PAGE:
It’s summertime, baby! That means it’s time to go to the beach. You can’t spend your whole trip body surfing and tanning, so after slathering on some sunscreen you’ll want to turn to another, time-honored summer pastime: the beach read.

This summer is already too much like a real-life crime thriller, so why not try picking up a science book that will give your brain both a massage and a boost? Here’s some recent releases that Inverse’s science team thinks are worthy of your beach bag:

Shark Drunk: The Art of Catching A Large Shark From a Tiny Rubber Dinghy In a Big Ocean

Reading about sharks between your own forays into the deep ocean may seem less than ideal, but historian and journalist Morten Strøksnes’ tale of his own personal journey to find the elusive Greenland shark with his friend, artist Hugo Aasjord, will have you itching to get back into the water when you’re done. Set in the sea around Norway’s west coast, Shark Drunk is less of a shark hunt adventure and more of a meditation on marine life, evolution, fishing culture — and of course, sharks. The science here is woven into beguiling prose, and it’d be in the nature of the book for the reader to enjoy its passages along with a libation of their own.

Damn, that looks nice.

On Trails: An Exploration

Newly released in paperback form, Robert Moor’s On Trails is the product of his own seven-year sojourn around the world in which he quite literally explored trails. These trails ranged from historical Native American trails, to glacial fjord paths, to the “trails” carved out by humans on the Internet. Along the way, he asks researchers and historians why humans feel the inherent need to carve out and follow roads — the answer to which will likely drive your next summer vacation.

Caesar’s Last Breath: Decoding the Secrets of the Air Around Us

Did you know that you’ve probably inhaled a bit of Julius Caesar’s last breath? That’s the claim made in bestselling author Sam Kean’s new book, which mixes science and history to explain how the “alchemy of air” has “steered human progress, powered revolutions, and continues to influence everything we do.” While delightful just for the fun facts that it serves up, the book is also quietly baffling, pointing out that something that as basic as air is much more complicated than you might realize.

Heretics! The Wondrous (and Dangerous) Beginnings of Modern Philosophy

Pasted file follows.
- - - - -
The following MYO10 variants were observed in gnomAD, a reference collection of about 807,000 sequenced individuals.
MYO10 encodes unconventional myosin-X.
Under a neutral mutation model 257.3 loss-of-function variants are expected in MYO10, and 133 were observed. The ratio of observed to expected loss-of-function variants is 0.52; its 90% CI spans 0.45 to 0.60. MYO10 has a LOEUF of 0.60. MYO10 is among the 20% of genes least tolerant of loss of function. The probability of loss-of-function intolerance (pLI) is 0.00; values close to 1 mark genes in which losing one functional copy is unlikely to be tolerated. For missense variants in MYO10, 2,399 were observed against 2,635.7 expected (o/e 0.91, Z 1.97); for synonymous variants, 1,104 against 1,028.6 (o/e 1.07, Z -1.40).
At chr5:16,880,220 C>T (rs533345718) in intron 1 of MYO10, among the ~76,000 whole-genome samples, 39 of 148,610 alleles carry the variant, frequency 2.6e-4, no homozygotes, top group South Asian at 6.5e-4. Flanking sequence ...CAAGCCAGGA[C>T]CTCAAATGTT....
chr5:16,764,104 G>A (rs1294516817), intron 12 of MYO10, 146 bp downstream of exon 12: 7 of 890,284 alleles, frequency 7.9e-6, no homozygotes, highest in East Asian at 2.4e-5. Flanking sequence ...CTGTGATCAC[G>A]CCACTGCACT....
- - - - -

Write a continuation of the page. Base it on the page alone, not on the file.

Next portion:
Take your beach reading a step further with this graphic novel about the 17th-century Western philosophers who bravely said “nah” to the status quo set by that era’s religions and royal leaders. Written and illustrated by the father-son team Steven and Ben Nadler, this interesting and funny graphic novel dives into the backstories of historical powerhouses, including Galileo, Baruch Spinoza, and John Locke. It’s the “birth of modern thought” via comics, and you’ll become an expert on this time period without realizing it by the time you’re through.

Baruch Spinoza in illustrated form.

Soonish: Ten Emerging Technologies That’ll Improve And/Or Ruin Everything

Created by ecologist Dr. Kelly Weinersmith and her husband cartoonist Zach Weinersmith, Soonish also mixes graphic novels and research to engage readers into the world of science. Her new book is focused on the near future and the technologies that are around the corner: From space elevators to “nuclear fusion powered-toasters”, the Weinersmiths explain why inventors are dedicating themselves to these advances, when we’ll see them IRL, and what’s holding up their release into the world.

Evolution’s Bite: A Story of Teeth, Diet, and Human Origins

While munching on the snacks you brought to the shore, crack open Peter Ungar’s fascinating book Evolution’s Bite. In the book, Ungar retells the story of human history by the bits of tissue and enamel in our mouths, revealing that ancient teeth aren’t castaway fossils and are instead clues to understanding how climate and diet shaped early man’s evolution. A book that traverses Indonesian monkey-filled jungles to Tanzanian villages, Evolutions’s Bite is the sort of science book you’ll want to chew on.

Blue Dreams: The Science and the Story of the Drugs that Changed Our Minds

Lauren Slater, the author of the groundbreaking 1998 science novel Prozac Diary, takes on the history and future of psychotropic drugs in her newest book Blue Dreams. Slater’s work encompasses the invention of these drugs and weaves together the perspective of their advocates, their consumers, and their critics. One in six Americans currently take a psychotropic drug to help with mental illness, and her work covers the vast variety of options. From Thorazine, to magic mushrooms, to neural implants, Slater offers an in-depth look at the drugs that literally change our minds.

Photos via Pixabay, Ben Nadler, Flickr